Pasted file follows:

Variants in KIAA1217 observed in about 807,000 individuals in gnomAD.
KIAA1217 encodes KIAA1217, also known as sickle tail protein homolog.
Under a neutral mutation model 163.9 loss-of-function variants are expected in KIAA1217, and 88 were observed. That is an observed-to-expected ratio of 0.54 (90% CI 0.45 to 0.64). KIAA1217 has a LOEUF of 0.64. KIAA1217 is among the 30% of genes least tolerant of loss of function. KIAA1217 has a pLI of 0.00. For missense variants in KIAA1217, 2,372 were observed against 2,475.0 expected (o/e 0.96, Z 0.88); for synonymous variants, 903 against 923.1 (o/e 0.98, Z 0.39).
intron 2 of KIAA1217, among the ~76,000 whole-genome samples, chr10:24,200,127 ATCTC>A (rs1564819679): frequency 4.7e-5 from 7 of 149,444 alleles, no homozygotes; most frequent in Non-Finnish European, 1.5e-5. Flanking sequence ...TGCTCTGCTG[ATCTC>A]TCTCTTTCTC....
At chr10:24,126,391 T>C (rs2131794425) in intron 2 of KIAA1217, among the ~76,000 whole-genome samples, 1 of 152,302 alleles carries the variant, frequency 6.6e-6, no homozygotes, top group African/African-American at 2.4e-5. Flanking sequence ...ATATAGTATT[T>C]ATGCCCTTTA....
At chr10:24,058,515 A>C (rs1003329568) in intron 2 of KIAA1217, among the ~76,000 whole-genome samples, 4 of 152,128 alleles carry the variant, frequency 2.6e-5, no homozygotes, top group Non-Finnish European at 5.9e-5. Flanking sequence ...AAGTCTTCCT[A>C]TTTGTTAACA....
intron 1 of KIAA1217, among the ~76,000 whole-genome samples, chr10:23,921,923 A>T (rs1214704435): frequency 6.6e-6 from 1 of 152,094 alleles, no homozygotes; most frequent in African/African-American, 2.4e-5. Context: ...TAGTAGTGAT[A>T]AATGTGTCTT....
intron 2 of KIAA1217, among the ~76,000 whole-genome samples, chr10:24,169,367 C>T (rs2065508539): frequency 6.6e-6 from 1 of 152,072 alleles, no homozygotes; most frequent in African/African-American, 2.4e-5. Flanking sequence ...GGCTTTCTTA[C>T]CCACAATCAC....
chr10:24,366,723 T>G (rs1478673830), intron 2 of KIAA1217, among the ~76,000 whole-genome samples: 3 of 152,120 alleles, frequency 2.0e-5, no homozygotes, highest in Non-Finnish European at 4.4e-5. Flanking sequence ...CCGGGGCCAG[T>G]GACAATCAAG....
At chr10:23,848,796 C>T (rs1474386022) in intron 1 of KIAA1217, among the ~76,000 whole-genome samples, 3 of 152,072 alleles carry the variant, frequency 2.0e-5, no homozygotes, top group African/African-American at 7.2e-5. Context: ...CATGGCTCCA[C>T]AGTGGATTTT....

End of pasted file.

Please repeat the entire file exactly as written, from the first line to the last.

Variants in KIAA1217 observed in about 807,000 individuals in gnomAD.
KIAA1217 encodes KIAA1217, also known as sickle tail protein homolog.
Under a neutral mutation model 163.9 loss-of-function variants are expected in KIAA1217, and 88 were observed. That is an observed-to-expected ratio of 0.54 (90% CI 0.45 to 0.64). KIAA1217 has a LOEUF of 0.64. KIAA1217 is among the 30% of genes least tolerant of loss of function. KIAA1217 has a pLI of 0.00. For missense variants in KIAA1217, 2,372 were observed against 2,475.0 expected (o/e 0.96, Z 0.88); for synonymous variants, 903 against 923.1 (o/e 0.98, Z 0.39).
intron 2 of KIAA1217, among the ~76,000 whole-genome samples, chr10:24,200,127 ATCTC>A (rs1564819679): frequency 4.7e-5 from 7 of 149,444 alleles, no homozygotes; most frequent in Non-Finnish European, 1.5e-5. Flanking sequence ...TGCTCTGCTG[ATCTC>A]TCTCTTTCTC....
At chr10:24,126,391 T>C (rs2131794425) in intron 2 of KIAA1217, among the ~76,000 whole-genome samples, 1 of 152,302 alleles carries the variant, frequency 6.6e-6, no homozygotes, top group African/African-American at 2.4e-5. Flanking sequence ...ATATAGTATT[T>C]ATGCCCTTTA....
At chr10:24,058,515 A>C (rs1003329568) in intron 2 of KIAA1217, among the ~76,000 whole-genome samples, 4 of 152,128 alleles carry the variant, frequency 2.6e-5, no homozygotes, top group Non-Finnish European at 5.9e-5. Flanking sequence ...AAGTCTTCCT[A>C]TTTGTTAACA....
intron 1 of KIAA1217, among the ~76,000 whole-genome samples, chr10:23,921,923 A>T (rs1214704435): frequency 6.6e-6 from 1 of 152,094 alleles, no homozygotes; most frequent in African/African-American, 2.4e-5. Context: ...TAGTAGTGAT[A>T]AATGTGTCTT....
intron 2 of KIAA1217, among the ~76,000 whole-genome samples, chr10:24,169,367 C>T (rs2065508539): frequency 6.6e-6 from 1 of 152,072 alleles, no homozygotes; most frequent in African/African-American, 2.4e-5. Flanking sequence ...GGCTTTCTTA[C>T]CCACAATCAC....
chr10:24,366,723 T>G (rs1478673830), intron 2 of KIAA1217, among the ~76,000 whole-genome samples: 3 of 152,120 alleles, frequency 2.0e-5, no homozygotes, highest in Non-Finnish European at 4.4e-5. Flanking sequence ...CCGGGGCCAG[T>G]GACAATCAAG....
At chr10:23,848,796 C>T (rs1474386022) in intron 1 of KIAA1217, among the ~76,000 whole-genome samples, 3 of 152,072 alleles carry the variant, frequency 2.0e-5, no homozygotes, top group African/African-American at 7.2e-5. Context: ...CATGGCTCCA[C>T]AGTGGATTTT....